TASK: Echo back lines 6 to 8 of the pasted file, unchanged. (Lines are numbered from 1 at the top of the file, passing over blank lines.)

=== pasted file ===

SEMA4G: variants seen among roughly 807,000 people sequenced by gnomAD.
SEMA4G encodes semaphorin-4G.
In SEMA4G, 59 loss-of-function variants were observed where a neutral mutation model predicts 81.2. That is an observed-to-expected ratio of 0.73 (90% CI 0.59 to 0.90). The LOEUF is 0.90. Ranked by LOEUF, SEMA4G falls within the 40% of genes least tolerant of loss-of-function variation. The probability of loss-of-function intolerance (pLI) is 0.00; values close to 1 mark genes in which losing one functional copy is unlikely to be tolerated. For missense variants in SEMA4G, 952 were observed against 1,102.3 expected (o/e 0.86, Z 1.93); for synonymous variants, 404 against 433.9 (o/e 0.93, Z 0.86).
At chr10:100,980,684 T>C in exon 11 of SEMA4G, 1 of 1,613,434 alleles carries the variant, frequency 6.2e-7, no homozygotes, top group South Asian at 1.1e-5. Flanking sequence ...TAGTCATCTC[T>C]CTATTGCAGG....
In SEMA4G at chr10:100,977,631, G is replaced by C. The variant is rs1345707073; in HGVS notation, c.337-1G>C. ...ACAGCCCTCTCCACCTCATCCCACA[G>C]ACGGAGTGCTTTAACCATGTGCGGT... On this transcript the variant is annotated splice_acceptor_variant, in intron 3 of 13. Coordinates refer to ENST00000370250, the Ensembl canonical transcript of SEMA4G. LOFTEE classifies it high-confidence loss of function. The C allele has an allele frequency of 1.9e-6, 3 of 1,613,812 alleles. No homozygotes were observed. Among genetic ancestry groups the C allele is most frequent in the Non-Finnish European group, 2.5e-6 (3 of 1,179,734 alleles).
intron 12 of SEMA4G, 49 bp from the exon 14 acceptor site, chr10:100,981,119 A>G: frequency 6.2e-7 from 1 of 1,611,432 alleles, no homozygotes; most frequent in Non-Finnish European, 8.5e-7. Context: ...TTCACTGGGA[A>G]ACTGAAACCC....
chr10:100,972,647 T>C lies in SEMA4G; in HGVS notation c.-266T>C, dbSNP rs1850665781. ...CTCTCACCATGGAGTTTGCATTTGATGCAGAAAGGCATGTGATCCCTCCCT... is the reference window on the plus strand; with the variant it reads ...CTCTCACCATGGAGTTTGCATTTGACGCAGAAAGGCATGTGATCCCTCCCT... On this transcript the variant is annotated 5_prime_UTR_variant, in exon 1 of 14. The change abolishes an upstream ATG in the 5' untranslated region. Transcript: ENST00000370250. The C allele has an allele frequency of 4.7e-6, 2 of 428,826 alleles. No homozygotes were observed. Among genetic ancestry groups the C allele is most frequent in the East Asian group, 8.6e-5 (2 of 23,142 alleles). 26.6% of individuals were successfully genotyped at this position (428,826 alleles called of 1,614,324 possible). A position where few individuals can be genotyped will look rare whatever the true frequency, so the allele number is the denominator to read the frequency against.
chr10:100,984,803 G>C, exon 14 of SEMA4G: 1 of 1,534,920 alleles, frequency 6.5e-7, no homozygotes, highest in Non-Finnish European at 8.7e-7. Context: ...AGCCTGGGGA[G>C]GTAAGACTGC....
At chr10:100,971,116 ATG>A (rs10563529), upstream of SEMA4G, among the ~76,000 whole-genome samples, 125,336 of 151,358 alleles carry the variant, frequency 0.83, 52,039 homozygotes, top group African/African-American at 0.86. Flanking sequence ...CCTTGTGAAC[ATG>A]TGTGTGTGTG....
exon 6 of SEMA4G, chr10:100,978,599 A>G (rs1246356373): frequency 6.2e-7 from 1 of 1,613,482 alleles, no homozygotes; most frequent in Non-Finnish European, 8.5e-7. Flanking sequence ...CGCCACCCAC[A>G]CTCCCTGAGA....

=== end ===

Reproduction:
intron 12 of SEMA4G, 49 bp from the exon 14 acceptor site, chr10:100,981,119 A>G: frequency 6.2e-7 from 1 of 1,611,432 alleles, no homozygotes; most frequent in Non-Finnish European, 8.5e-7. Context: ...TTCACTGGGA[A>G]ACTGAAACCC....
chr10:100,972,647 T>C lies in SEMA4G; in HGVS notation c.-266T>C, dbSNP rs1850665781. ...CTCTCACCATGGAGTTTGCATTTGATGCAGAAAGGCATGTGATCCCTCCCT... is the reference window on the plus strand; with the variant it reads ...CTCTCACCATGGAGTTTGCATTTGACGCAGAAAGGCATGTGATCCCTCCCT... On this transcript the variant is annotated 5_prime_UTR_variant, in exon 1 of 14. The change abolishes an upstream ATG in the 5' untranslated region. Transcript: ENST00000370250. The C allele has an allele frequency of 4.7e-6, 2 of 428,826 alleles. No homozygotes were observed. Among genetic ancestry groups the C allele is most frequent in the East Asian group, 8.6e-5 (2 of 23,142 alleles). 26.6% of individuals were successfully genotyped at this position (428,826 alleles called of 1,614,324 possible). A position where few individuals can be genotyped will look rare whatever the true frequency, so the allele number is the denominator to read the frequency against.
chr10:100,984,803 G>C, exon 14 of SEMA4G: 1 of 1,534,920 alleles, frequency 6.5e-7, no homozygotes, highest in Non-Finnish European at 8.7e-7. Context: ...AGCCTGGGGA[G>C]GTAAGACTGC....